Tips and videos to help reduce these top stressors
Stress is at an all-time high in the United States. The combined effects of an ongoing pandemic, widespread grief and loss, economic concerns and global uncertainty are having a significant impact on individuals’ stress levels.
Stress about money ranked the highest since 2015, according to the American Psychological Association’s annual Stress in America™ survey. In 2022, the top stressor for 87% of respondents was the rise in prices of everyday items such as gas and groceries due to inflation. That was followed by stress over global events (81%), specifically the war in Ukraine.
“Every physician has to face patients whose main pathologies are burdened by high and chronic degrees of stress. Sometimes, stress-related symptoms are their main pathology,” noted an article in Clinical Management Issues. In fact, up to 90% of doctor visits are for conditions related to stress.
For that reason, it’s important for every doctor to address the topic of stress with their patients and educate them on stress management techniques.
Overcoming cost concerns
Millions of people lost their jobs during the pandemic, and perhaps their health insurance, as well. Others have experienced a significant decline in income. Cost is a common reason for patients to cancel or delay medical appointments.
Let patients know that routine checkups may be covered by their insurance, and can help avoid bigger and more costly medical care down the road.
What can doctors do to help? Consider reaching out to patients who haven’t been into your office for awhile. Let them know that regular checkups can help them manage chronic health conditions, diagnose any issues early, and potentially avoid bigger problems and more advanced (and costly) medical care in the future. You could send them this check-up reminder video by email or text.
Since you don’t want to add more stress to patients’ lives, help them understand how their health insurance works, if they have it. They may not know that certain visits are covered. Explaining the cost of care can go a long way toward easing patients’ stress. Even insured patients may be experiencing financial stress — nearly half (46%) of insured adults report difficulty affording their out-of-pocket costs, according to the Kaiser Family Foundation. Perhaps you can offer a payment plan or give patients drug samples or discounts on medications.
For more on this topic, read our post Helping Patients Understand the Cost of Their Care.
How patient education combats stress and anxiety
As we discussed in a recent post, doctors’ appointments are stressful for many patients. Whether they are afraid of possible exposure to illnesses or anxious that a diagnostic test might be painful or yield bad news, patient education can help reduce patients’ anxiety.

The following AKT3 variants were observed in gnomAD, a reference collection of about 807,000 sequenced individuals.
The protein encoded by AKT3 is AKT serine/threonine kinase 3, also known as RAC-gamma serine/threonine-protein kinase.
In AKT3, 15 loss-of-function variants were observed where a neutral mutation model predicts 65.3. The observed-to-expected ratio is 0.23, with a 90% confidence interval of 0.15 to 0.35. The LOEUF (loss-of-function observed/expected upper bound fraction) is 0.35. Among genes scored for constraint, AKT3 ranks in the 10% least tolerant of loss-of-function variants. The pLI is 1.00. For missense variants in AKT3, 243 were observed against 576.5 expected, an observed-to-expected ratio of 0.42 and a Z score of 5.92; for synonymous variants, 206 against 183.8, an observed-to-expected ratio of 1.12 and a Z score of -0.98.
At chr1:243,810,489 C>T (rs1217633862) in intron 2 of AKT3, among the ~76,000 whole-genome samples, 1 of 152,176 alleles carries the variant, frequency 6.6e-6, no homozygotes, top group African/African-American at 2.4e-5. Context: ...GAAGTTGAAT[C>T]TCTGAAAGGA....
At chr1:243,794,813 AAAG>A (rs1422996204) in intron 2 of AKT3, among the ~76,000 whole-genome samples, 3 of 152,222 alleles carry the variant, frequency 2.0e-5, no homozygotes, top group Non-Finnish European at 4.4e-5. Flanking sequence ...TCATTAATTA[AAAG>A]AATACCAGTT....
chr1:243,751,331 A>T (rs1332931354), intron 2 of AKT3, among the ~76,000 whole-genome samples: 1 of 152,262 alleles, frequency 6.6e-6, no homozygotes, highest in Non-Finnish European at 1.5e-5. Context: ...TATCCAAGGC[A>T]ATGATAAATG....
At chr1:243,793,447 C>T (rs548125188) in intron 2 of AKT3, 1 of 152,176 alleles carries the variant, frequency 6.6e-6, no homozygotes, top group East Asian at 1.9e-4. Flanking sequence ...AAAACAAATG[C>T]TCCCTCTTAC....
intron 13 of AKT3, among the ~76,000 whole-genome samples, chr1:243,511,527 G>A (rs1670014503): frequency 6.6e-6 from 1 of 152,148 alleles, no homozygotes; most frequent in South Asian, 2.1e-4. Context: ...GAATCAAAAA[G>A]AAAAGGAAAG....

For those anxious about Covid exposure or fearful of a diagnostic test, patient education can ease stress.
For instance, if patients have been putting off routine appointments out of fear of getting Covid, let them know what steps your practice is taking to keep patients safe. On your website and social media pages, share videos that explain any new cleaning and safety procedures you’ve implemented.
Or if you find that cataract surgery patients, for example, are frequently stressed or fearful about the procedure, you might show them an illustrated animation that shows the surgery is actually quite simple and painless. In some cases, fear of the unknown can cause more stress than knowing what to expect.
Stress management techniques
When dealing with stressed-out patients, Dr. Stephen Lupe, a clinical health psychologist and assistant professor of medicine at the Cleveland Clinic Lerner College of Medicine at Case Western Reserve University, said on a podcast that he focuses on things the patient has control over.
Help stressed patients focus on things they can control, such as turning off the news or doing some calming breathing techniques.
“We’ll work on little things like turning off the news and not watching the news 24/7 even though we want to know what’s going on,” he said. Spending time with the people we love, being physically active — “these are things we have some control over and tend to be very helpful,” he said. “And then, engaging the parasympathetic nervous system through some breathing techniques, we can do that pretty easily.” That interrupts the body’s “fight, flight or freeze” response in stressful situations.
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